Everything was going better than she’d hoped, but as it came time to make the leap to a four-year university, Hoxhallari wondered again if her dream might stall out. “I guess I got a little comfortable at Schoolcraft with the small classes, and the community and having so many friends,” she says. “I worried that the professors would be difficult to communicate with or the classes would be too hard. It was just a very scary time, because everything was about to change.” It came down to a choice between UM-Ann Arbor and UM-Dearborn, and she ultimately chose the latter because of the more affordable tuition and the good things she’d heard about the bioengineering program. Once she got here, she learned the academic environment was indeed more challenging. Her straight As turned to Bs her first semester, but her fears about the stern professors were quickly put to rest. Inside the College of Engineering and Computer Science, she formed tight bonds with Professor Alan Argento, whom she describes as a master explainer, Assistant Professor Zhen Hu, whom she worked with as a supplemental instruction leader, and Associate Professor Gargi Ghosh. She got a research assistant spot in Ghosh’s lab, and those Bs started turning into As. “The people at Dearborn became my second family,” Hoxhallari says. “I’ve changed completely as a person. I’m outgoing, I have so many friends, and I have the power to shape my future. More than anything, that’s what I wanted and now I feel like my goals are within reach.”

When Hoxhallari graduates in a few days, it’ll be a huge milestone for her and her family. They’re extremely proud of her accomplishments and the person she’s become. But Hoxhallari considers herself a person who is “becoming successful,” more than someone who should be counting her achievements. In the near-term, she defines success as getting a solid post-graduation job in the bioengineering field, and she’s currently interviewing with several companies, including for a medical technology position with Johnson & Johnson. She’s also moving forward with her education: She’s been accepted into two master’s programs, including the bioengineering program at UM-Dearborn, and plans to start applying to medical schools next year so she can one day work as a medical researcher. Hoxhallari’s long-term, true-north goal is to open a school and hospital back in Albania, though she says, for her personally, she’d like to make her life in the U.S. “I love the United States, because it gave me freedom, and safety and the power to be who I want to be,” she says. “But I also don’t want to be someone who forgets about their country. The conditions there are not good for many people, and I know there are a lot of girls like me who really want a future they feel like they can’t have because of family or finances. So I want to do something to change the realities over there.”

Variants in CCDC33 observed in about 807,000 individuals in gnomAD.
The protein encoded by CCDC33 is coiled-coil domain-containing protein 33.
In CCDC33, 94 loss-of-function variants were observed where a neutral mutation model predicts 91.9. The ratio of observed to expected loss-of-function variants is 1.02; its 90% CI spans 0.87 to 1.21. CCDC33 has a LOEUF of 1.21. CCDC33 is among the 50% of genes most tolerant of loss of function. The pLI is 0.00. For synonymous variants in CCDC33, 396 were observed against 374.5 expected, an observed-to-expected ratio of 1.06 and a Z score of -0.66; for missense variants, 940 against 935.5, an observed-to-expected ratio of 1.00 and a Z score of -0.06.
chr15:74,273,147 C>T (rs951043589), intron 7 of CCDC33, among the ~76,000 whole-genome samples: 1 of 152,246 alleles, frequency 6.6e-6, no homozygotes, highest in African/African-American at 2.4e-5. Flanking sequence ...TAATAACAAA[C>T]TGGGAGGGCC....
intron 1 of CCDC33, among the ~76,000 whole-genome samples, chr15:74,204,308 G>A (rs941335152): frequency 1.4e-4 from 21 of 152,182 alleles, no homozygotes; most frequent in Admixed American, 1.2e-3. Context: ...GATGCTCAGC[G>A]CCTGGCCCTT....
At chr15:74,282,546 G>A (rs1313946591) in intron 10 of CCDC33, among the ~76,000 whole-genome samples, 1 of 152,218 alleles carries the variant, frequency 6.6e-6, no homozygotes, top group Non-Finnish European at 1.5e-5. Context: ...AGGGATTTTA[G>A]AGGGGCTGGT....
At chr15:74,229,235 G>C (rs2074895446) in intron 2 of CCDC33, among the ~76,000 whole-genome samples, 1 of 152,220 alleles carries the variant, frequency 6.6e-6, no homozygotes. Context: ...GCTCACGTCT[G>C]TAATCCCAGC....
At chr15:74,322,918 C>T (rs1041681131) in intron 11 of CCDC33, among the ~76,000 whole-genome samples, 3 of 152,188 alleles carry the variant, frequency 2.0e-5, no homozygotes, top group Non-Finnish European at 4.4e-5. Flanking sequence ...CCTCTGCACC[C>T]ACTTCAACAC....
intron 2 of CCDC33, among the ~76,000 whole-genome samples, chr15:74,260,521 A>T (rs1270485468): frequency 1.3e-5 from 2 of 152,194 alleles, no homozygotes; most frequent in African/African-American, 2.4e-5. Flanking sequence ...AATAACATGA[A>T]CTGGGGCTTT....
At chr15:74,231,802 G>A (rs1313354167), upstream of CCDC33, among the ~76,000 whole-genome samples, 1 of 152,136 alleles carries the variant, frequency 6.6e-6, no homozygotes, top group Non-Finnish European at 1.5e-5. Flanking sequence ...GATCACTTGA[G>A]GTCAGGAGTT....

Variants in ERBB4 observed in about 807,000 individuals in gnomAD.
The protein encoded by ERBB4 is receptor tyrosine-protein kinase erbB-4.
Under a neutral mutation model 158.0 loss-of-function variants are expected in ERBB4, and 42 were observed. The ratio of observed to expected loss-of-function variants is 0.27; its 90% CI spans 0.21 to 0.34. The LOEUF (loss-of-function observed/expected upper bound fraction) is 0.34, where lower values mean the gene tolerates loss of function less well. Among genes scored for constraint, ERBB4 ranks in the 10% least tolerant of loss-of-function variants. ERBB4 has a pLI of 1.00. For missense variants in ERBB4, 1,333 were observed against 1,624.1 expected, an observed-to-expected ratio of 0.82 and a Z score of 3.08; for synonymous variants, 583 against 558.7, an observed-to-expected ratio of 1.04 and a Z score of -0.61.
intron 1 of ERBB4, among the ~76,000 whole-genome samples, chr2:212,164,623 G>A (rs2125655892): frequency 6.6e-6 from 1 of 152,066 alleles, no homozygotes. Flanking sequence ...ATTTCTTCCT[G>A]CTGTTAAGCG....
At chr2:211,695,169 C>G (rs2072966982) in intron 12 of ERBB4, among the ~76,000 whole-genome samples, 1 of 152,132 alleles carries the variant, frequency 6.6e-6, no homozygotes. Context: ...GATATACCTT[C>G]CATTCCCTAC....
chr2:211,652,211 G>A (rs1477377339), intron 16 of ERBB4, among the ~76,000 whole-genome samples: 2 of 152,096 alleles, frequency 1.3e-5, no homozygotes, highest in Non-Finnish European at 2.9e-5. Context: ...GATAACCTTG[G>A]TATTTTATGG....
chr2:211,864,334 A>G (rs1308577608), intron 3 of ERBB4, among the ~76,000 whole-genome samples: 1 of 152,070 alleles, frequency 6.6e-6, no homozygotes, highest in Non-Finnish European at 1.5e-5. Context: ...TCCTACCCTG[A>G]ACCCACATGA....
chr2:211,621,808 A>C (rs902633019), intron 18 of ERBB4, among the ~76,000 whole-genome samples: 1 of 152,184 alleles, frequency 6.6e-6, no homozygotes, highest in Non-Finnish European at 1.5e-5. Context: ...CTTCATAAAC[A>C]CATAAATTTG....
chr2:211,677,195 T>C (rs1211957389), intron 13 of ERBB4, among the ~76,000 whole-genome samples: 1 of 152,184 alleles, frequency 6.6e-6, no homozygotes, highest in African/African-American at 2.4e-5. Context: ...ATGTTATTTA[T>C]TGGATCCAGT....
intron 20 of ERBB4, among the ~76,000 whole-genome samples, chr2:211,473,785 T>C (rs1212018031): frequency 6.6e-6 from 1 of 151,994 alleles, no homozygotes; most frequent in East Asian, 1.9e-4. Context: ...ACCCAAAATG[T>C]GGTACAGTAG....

It’s a big dream, for sure. But given what she’s accomplished on her own so far, who would count her out?


Story by Lou Blouin